Finca El Jaguar is located in northern Jinotega, Nicaragua, about 188 km north of the capital Managua. The property was acquired in 1991 by Georges Duriaux and Liliana Chavarría from Lili’s brother. At about 100 ha (247 ac), it is both a private reserve registered with the Nicaraguan ministry of natural resources, and a coffee farm. Eighty ha of the farm is preserved forest, and 20 ha are in coffee.
The coffee consists of caturra and some catuai grown at 1300 to 1350 meters. El Jaguar has been certified by Rainforest Alliance since 2006, and Allegro Coffee (owned by Whole Foods) is the exclusive buyer. The farm employs 15 to 20 people year-round, and 30 to 40 additional people during coffee harvest. Of particular pride to Georges and Lili is the fact that several of the workers’ children are involved in bird research activities.
Over 270 bird species have been recorded at El Jaguar. More than 50 are Neotropical migrants (those that primarily breed in the U.S. and Canada and winter in the tropics), including an amazing 27 species of “our” warblers — Golden-winged Warbler, the endangered Golden-cheeked Warbler, and the Cerulean Warbler among them. Due to this rich bird life, El Jaguar was designated as an Important Bird Area by BirdLife International in 2006.
In addition to preserving habitat and providing eco-lodging for birders, Georges and Lili have worked tirelessly on bird conservation projects. Since 2002, they have operated two of the eleven wintering bird banding stations in Nicaragua that are part of the important MoSI project (Monitoreo de Sobrevivencia Invernal – Monitoring Overwintering Survival). One is in the forest, and one in the coffee production area. This project is an essential tool that enables researchers to gain insight into what bird species winter in an area, the habitats they use, and their overwinter survival. A sister project monitors resident birds from April to October.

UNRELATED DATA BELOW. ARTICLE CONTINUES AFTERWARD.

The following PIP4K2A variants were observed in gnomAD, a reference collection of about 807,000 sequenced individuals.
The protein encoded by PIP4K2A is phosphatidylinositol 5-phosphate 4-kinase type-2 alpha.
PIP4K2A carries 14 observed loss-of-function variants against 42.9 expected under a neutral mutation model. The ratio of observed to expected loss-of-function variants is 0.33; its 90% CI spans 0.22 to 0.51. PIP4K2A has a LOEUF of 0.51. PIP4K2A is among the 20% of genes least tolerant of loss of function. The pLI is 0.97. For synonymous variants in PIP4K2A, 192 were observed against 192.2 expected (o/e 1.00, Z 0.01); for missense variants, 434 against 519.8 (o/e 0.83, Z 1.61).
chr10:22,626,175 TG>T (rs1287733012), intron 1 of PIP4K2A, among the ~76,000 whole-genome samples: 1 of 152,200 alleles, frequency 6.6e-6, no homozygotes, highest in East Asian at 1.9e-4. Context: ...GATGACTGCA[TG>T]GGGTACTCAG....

Until recently, El Jaguar’s coffee was also certified organic. Due to burdensome new (?) rules that we heard about in multiple places, their ability to adequately fertilize their coffee by organic means meant that they had to make the difficult decision to drop organic certification. This is being repeated at other farms in Nicaragua, and will be the topic of another post. Georges and Lili, and their son Jean-Yves who is managing the farm, are still just committed to conserving biodiversity. This year’s increased yield (over triple last year’s, due in large part to using conventional fertilizers) provided the income needed to continue preserving the current forest acreage and stay afloat.
During our visit, we talked a lot about Rainforest Alliance certification. The Duriaux–Chavarría’s were enthusiastic supporters, and it gave us much-needed perspective on the impact of RA certification on the ground. Although El Jaguar has had long-term contracts with Allegro for years, they explained that RA certification strengthens their position and helps them negotiate a better price. The certification process improves quality and sustainability, and RA provides guidance and assistance. In fact, RA has held workshops at El Jaguar for neighboring farmers, and the next step is working with them to get them certified. This dovetails with training Georges and Lili have already provided to neighbors on biological resources and sustainable production, as well as a grant they received to help provide native trees to reforest nearby properties and encourage other farmers to pursue certification.
There are challenges ahead for El Jaguar and other coffee producers. Of note was the fact that the weather, influenced by La Niña conditions, caused early flowering and fruiting. Harvest was early this season, and complete by the time we arrived. Meanwhile, the coffee was again beginning to flower while we were there, which means the next harvest will be around two months earlier than “usual.” Café loco.
As we did two years ago, we also stayed at Finca Esperanza Verde. At a few hundred meters lower in elevation, the coffee all over that area was greatly defoliated by fungal disease, also exacerbated by wet weather. They are usually treated with copper-based fungicides. Some of these have typically been permitted under organic certification, but, again, we heard that now farmers were told they were not allowed to use them. If that’s really the case (I’m investigating), it’s hard to see how producers will be able to afford to keep organic certification.
I’ll be incorporating more of what we learned in future posts. Meanwhile, if you are interested in details on visiting El Jaguar, please contact me directly.